My Geek Life

The geekery… it’s always been there

Back in 2016, I wrote about mak­ing my way back to comics. Then last week, I read this cool post from Jason Det­tbarn where he talks about how he start­ed read­ing com­ic books. I was inspired to share a lit­tle of my sto­ry, and just like Jason, offer you some rec­om­men­da­tions of where to get started.

A Little History

Like a lot of kids, super­heroes were a big part of my upbring­ing. Geek­ery in gen­er­al has always been part of me whether I under­stood it or not. The orig­i­nal Star Wars tril­o­gy were my favorite movies as a kid. I remem­ber being so excit­ed by the pre­quels and thank­ful­ly not under­stand­ing how ter­ri­ble they were until many years later.

Super­man was my favorite super­hero back then, and I remem­ber hav­ing at least a few of his action fig­ures. That is until my Mom threw them away. My mom has always been a bit of a clean freak, and she nev­er let me col­lect any­thing. As opposed to a lot of par­ents” who keep their kids stuff in their old room, I’m almost pos­i­tive my par­ents have noth­ing of mine except a few ran­dom things I might’ve left in their garage. But, I digress. This is stuff I should talk to my ther­a­pist about.

Grow­ing up, I felt that read­ing was­n’t for me. I painful­ly read books we were assigned in class (except To Kill a Mock­ing­bird and Of Mice and Men. I liked those). Now I under­stand it’s all about find­ing the read­ing mate­r­i­al that appeals to you.

That brings us to 2012. I was in Char­lotte, NC for a work con­fer­ence when I decid­ed to go into a com­ic book store next to a cof­fee shop I’d found on Yelp. Lin­ing the shelves were hun­dreds of dif­fer­ent books, and for a new read­er like me, no clear place to start. As luck would have it, DC’s New 52” event had just begun, so I bought Super­man #1, and Bat­man #1. Unfor­tu­nate­ly, I was­n’t impressed and went on with my life.

Then in 2016, in antic­i­pa­tion of Cap­tain Amer­i­ca: Civ­il War, my curios­i­ty of the sto­ry that inspired the film com­pelled me to buy the col­lect­ed edi­tion hard­cov­er. ==I was hooked==. The sto­ry was engag­ing, the char­ac­ters cap­ti­vat­ing, and the way the plot tore through the rela­tion­ship between char­ac­ters was heartbreaking.

And that brings us to today. I’ve got a shelf with my grow­ing list of trade paper­backs, and a plas­tic short box from BCW that’s run­ning out of space.

Comics I recommend

The fol­low­ing are some all time rec­om­men­da­tions. Some of these are still going, oth­er have fin­ished up.


This is an enjoy­able read, and I believe is being made into a movie. Ana­log takes place in a world where the inter­net isn’t safe so secrets are trans­port­ed by peo­ple. It’s a spy thriller that has some very point­ed crit­i­cism at our society.


The premise of this ongo­ing series is so meta. It’s about a com­ic artist who… get’s roped into being a spy? You’ll have to read and find out. As of writ­ing, this title is only on issue #2, so you’ll have to look for it at your local com­ic book shop.

  • By: Bri­an Michael Bendis & David Mack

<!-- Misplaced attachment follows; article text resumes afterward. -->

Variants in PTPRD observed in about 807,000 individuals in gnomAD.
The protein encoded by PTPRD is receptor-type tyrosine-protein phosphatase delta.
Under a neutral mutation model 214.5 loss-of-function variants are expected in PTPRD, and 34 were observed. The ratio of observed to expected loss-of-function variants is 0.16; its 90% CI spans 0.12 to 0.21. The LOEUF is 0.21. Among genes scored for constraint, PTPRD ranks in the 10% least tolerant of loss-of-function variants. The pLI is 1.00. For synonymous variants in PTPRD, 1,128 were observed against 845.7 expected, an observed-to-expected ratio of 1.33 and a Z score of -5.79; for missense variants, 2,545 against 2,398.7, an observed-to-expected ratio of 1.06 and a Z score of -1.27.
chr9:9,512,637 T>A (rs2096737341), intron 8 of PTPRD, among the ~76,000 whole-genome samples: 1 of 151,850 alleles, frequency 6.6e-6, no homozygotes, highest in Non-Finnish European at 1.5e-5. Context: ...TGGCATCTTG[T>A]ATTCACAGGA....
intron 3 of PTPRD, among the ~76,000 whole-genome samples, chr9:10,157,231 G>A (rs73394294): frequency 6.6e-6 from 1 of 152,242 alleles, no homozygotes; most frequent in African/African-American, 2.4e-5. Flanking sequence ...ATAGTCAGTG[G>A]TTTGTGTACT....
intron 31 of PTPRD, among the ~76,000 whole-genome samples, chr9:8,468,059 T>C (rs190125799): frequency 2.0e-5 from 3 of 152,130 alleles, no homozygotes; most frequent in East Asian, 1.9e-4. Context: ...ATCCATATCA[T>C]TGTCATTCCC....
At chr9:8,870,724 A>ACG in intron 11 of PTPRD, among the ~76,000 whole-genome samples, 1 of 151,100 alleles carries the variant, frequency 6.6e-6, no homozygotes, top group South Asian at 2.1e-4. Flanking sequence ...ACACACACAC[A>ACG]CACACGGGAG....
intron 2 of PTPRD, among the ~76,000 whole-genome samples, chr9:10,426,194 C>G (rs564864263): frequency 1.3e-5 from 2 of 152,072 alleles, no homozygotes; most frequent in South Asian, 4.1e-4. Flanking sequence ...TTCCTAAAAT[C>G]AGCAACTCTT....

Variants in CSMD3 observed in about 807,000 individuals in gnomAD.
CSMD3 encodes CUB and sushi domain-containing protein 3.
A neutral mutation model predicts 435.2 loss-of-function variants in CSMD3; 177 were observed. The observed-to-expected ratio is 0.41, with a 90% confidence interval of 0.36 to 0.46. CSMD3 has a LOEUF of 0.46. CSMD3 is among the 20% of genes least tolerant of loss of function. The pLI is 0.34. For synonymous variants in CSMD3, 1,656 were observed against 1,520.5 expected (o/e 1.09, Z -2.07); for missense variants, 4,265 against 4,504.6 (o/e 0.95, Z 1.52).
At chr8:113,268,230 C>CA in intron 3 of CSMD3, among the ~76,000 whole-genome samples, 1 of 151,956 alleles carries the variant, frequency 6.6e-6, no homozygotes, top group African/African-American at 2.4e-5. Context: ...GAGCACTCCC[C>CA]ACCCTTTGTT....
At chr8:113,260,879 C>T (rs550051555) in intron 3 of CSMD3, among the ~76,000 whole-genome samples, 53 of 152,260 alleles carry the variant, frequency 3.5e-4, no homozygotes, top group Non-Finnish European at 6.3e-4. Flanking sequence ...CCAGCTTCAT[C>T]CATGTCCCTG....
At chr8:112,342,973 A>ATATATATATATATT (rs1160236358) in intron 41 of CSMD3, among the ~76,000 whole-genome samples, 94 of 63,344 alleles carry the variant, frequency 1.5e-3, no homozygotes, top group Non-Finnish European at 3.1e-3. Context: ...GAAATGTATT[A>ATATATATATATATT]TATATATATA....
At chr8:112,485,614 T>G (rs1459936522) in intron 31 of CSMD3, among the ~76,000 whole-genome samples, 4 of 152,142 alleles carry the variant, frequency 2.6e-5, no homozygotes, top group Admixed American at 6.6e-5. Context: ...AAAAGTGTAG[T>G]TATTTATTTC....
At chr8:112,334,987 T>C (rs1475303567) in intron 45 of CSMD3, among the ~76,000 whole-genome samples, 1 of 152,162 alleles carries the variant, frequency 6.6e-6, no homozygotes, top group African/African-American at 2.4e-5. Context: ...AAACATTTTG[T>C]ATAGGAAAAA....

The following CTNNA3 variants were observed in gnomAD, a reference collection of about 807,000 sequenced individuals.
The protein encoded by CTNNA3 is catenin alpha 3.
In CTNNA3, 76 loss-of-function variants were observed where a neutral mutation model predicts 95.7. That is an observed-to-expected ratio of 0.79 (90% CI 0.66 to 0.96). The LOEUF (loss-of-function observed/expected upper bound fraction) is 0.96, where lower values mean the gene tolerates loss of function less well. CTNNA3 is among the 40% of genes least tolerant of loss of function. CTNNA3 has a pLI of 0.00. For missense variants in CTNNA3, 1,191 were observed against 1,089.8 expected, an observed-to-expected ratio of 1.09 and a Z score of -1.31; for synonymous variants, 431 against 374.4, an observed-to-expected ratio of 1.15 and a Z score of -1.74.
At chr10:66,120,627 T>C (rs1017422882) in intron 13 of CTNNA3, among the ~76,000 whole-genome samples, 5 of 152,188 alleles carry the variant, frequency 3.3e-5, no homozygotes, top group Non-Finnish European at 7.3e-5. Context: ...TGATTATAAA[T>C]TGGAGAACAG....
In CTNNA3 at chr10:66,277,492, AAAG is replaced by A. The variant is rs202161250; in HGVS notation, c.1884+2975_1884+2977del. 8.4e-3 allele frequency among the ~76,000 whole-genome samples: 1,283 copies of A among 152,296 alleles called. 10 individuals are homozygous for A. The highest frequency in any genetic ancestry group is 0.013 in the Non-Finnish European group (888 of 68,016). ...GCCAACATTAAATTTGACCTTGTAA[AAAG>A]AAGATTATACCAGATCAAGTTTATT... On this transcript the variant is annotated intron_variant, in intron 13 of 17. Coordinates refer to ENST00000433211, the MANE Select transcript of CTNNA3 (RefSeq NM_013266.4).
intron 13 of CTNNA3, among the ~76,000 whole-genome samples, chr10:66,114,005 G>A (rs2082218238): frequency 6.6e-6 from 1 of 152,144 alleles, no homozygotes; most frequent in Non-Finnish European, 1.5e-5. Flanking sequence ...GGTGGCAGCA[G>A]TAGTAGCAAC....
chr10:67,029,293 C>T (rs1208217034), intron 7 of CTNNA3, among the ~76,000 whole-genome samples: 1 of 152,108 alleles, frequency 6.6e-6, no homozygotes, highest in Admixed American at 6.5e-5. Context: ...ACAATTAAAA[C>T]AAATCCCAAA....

Oblivion Song

300,000 peo­ple from Philidel­phia are lost in Obliv­ion. What the heck is Obliv­ion? How did this hap­pen? How come only one per­son still cares? Just some of the ques­tions I remem­ber ask­ing myself when I dis­cov­ered this gem thanks to my local com­ic shop co-own­er, Tony. One of my favorite books right now.

Paper Girls

A group of teenage girls in the 1980s cross paths with time trav­el­ers, and their curios­i­ty takes them to places they’d nev­er imag­ined. This com­ic is beau­ti­ful­ly drawn and Matt Wilson’s col­ors are stunning.


I don’t want to give too much away, but this is for­bid­den love mixed with the best of sci­ence fic­tion and fan­ta­sy. This is def­i­nite­ly for mature read­ers, so if you offend eas­i­ly, keep it moving.

Sex Criminals

Again, if you offend eas­i­ly, you may want to skip to the next one. This is the sto­ry of a woman who real­izes that times stops when she orgasms. I mean, just take a sec­ond and think about that type of pow­er. But is she the only one? This com­ic tack­les a lot of human issues, includ­ing but not lim­it­ed to the way we view sex, men­tal health, rela­tion­ships, and more.

The Amazing Spider-Man

Many have writ­ten Spidey, but in my lim­it­ed expe­ri­ence, Nick Spencer real­ly gets the char­ac­ter. His run is clas­sic Spi­der-Man, filled with great humor, a messy life, and a sur­pris­ing­ly uncom­pli­cat­ed love life.

All-New Wolverine

Back in 2015, a new per­son took the man­tle of Wolver­ine, and her name was Lau­ra Kin­ney aka X‑23. This series was a touch­ing sto­ry of a per­son who had been tor­tured, exper­i­ment­ed on, and cre­at­ed to be a killing machine who decid­ed not to be defined by those experiences.

Parting thoughts

I was twen­ty-four when I start­ed read­ing comics reg­u­lar­ly. Jason—who inspired this post—was thir­ty-six. Com­ic books are for peo­ple of all ages; the sto­ries with­in are for all genders.

As you can tell from my rec­om­men­da­tions, I’m read­ing a lot more than just super­heroes. Don’t get me wrong, super­pow­ered peo­ple are great, but comics are so much more than them. No mat­ter who you are, what genre you love, what style art you like, there’s a com­ic book for you.